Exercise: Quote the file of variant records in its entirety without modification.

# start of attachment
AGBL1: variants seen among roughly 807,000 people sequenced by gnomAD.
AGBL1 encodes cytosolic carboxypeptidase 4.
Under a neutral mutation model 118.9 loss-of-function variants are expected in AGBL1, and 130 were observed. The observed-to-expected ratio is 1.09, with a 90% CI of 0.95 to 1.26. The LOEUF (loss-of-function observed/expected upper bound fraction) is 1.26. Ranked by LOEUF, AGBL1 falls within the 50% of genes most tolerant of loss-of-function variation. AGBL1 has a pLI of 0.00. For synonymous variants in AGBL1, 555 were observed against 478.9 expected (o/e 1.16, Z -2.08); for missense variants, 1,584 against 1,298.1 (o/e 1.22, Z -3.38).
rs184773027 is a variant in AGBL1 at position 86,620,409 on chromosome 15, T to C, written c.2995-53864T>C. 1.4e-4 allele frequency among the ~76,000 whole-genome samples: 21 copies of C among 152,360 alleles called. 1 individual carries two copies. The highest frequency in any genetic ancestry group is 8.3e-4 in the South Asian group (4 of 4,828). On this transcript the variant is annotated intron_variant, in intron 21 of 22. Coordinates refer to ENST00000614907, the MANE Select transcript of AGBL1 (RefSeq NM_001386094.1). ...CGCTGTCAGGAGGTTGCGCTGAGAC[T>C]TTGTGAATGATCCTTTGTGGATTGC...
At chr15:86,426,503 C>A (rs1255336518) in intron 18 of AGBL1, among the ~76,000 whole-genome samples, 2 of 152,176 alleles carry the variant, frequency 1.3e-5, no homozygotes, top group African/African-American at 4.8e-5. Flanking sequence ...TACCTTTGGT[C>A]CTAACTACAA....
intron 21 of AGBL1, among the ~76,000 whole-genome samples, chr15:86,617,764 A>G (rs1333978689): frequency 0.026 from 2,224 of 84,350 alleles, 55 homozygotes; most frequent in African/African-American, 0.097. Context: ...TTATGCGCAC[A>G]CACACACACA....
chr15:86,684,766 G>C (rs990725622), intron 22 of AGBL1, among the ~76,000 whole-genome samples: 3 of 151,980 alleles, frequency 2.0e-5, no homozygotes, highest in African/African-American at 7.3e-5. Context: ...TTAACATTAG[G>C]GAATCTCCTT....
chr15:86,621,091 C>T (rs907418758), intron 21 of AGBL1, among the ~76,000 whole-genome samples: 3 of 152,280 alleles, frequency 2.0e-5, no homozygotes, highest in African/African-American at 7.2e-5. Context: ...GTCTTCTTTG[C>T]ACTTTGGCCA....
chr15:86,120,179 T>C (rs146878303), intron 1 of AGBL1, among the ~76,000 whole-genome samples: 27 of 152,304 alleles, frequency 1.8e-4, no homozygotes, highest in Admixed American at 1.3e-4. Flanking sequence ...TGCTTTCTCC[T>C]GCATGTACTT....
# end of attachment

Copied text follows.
AGBL1: variants seen among roughly 807,000 people sequenced by gnomAD.
AGBL1 encodes cytosolic carboxypeptidase 4.
Under a neutral mutation model 118.9 loss-of-function variants are expected in AGBL1, and 130 were observed. The observed-to-expected ratio is 1.09, with a 90% CI of 0.95 to 1.26. The LOEUF (loss-of-function observed/expected upper bound fraction) is 1.26. Ranked by LOEUF, AGBL1 falls within the 50% of genes most tolerant of loss-of-function variation. AGBL1 has a pLI of 0.00. For synonymous variants in AGBL1, 555 were observed against 478.9 expected (o/e 1.16, Z -2.08); for missense variants, 1,584 against 1,298.1 (o/e 1.22, Z -3.38).
rs184773027 is a variant in AGBL1 at position 86,620,409 on chromosome 15, T to C, written c.2995-53864T>C. 1.4e-4 allele frequency among the ~76,000 whole-genome samples: 21 copies of C among 152,360 alleles called. 1 individual carries two copies. The highest frequency in any genetic ancestry group is 8.3e-4 in the South Asian group (4 of 4,828). On this transcript the variant is annotated intron_variant, in intron 21 of 22. Coordinates refer to ENST00000614907, the MANE Select transcript of AGBL1 (RefSeq NM_001386094.1). ...CGCTGTCAGGAGGTTGCGCTGAGAC[T>C]TTGTGAATGATCCTTTGTGGATTGC...
At chr15:86,426,503 C>A (rs1255336518) in intron 18 of AGBL1, among the ~76,000 whole-genome samples, 2 of 152,176 alleles carry the variant, frequency 1.3e-5, no homozygotes, top group African/African-American at 4.8e-5. Flanking sequence ...TACCTTTGGT[C>A]CTAACTACAA....
intron 21 of AGBL1, among the ~76,000 whole-genome samples, chr15:86,617,764 A>G (rs1333978689): frequency 0.026 from 2,224 of 84,350 alleles, 55 homozygotes; most frequent in African/African-American, 0.097. Context: ...TTATGCGCAC[A>G]CACACACACA....
chr15:86,684,766 G>C (rs990725622), intron 22 of AGBL1, among the ~76,000 whole-genome samples: 3 of 151,980 alleles, frequency 2.0e-5, no homozygotes, highest in African/African-American at 7.3e-5. Context: ...TTAACATTAG[G>C]GAATCTCCTT....
chr15:86,621,091 C>T (rs907418758), intron 21 of AGBL1, among the ~76,000 whole-genome samples: 3 of 152,280 alleles, frequency 2.0e-5, no homozygotes, highest in African/African-American at 7.2e-5. Context: ...GTCTTCTTTG[C>T]ACTTTGGCCA....
chr15:86,120,179 T>C (rs146878303), intron 1 of AGBL1, among the ~76,000 whole-genome samples: 27 of 152,304 alleles, frequency 1.8e-4, no homozygotes, highest in Admixed American at 1.3e-4. Flanking sequence ...TGCTTTCTCC[T>C]GCATGTACTT....